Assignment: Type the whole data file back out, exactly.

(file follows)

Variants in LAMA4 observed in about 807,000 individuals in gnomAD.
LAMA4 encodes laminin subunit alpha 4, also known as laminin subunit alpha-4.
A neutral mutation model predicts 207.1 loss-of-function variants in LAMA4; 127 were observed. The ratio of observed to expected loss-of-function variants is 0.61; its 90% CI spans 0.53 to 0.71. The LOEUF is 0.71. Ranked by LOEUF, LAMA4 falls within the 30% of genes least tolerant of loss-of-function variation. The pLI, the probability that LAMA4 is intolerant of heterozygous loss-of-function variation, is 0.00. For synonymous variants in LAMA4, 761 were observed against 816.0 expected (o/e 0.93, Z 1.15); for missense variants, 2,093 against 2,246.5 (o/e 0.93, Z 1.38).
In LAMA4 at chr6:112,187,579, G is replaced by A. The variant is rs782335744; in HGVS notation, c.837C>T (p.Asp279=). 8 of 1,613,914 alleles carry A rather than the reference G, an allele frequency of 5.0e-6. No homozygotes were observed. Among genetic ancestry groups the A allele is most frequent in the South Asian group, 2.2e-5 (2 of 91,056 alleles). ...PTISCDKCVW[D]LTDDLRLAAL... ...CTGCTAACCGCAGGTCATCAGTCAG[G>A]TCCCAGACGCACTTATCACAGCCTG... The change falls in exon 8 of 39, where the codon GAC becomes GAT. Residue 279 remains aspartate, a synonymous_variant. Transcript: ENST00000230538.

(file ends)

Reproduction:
Variants in LAMA4 observed in about 807,000 individuals in gnomAD.
LAMA4 encodes laminin subunit alpha 4, also known as laminin subunit alpha-4.
A neutral mutation model predicts 207.1 loss-of-function variants in LAMA4; 127 were observed. The ratio of observed to expected loss-of-function variants is 0.61; its 90% CI spans 0.53 to 0.71. The LOEUF is 0.71. Ranked by LOEUF, LAMA4 falls within the 30% of genes least tolerant of loss-of-function variation. The pLI, the probability that LAMA4 is intolerant of heterozygous loss-of-function variation, is 0.00. For synonymous variants in LAMA4, 761 were observed against 816.0 expected (o/e 0.93, Z 1.15); for missense variants, 2,093 against 2,246.5 (o/e 0.93, Z 1.38).
In LAMA4 at chr6:112,187,579, G is replaced by A. The variant is rs782335744; in HGVS notation, c.837C>T (p.Asp279=). 8 of 1,613,914 alleles carry A rather than the reference G, an allele frequency of 5.0e-6. No homozygotes were observed. Among genetic ancestry groups the A allele is most frequent in the South Asian group, 2.2e-5 (2 of 91,056 alleles). ...PTISCDKCVW[D]LTDDLRLAAL... ...CTGCTAACCGCAGGTCATCAGTCAG[G>A]TCCCAGACGCACTTATCACAGCCTG... The change falls in exon 8 of 39, where the codon GAC becomes GAT. Residue 279 remains aspartate, a synonymous_variant. Transcript: ENST00000230538.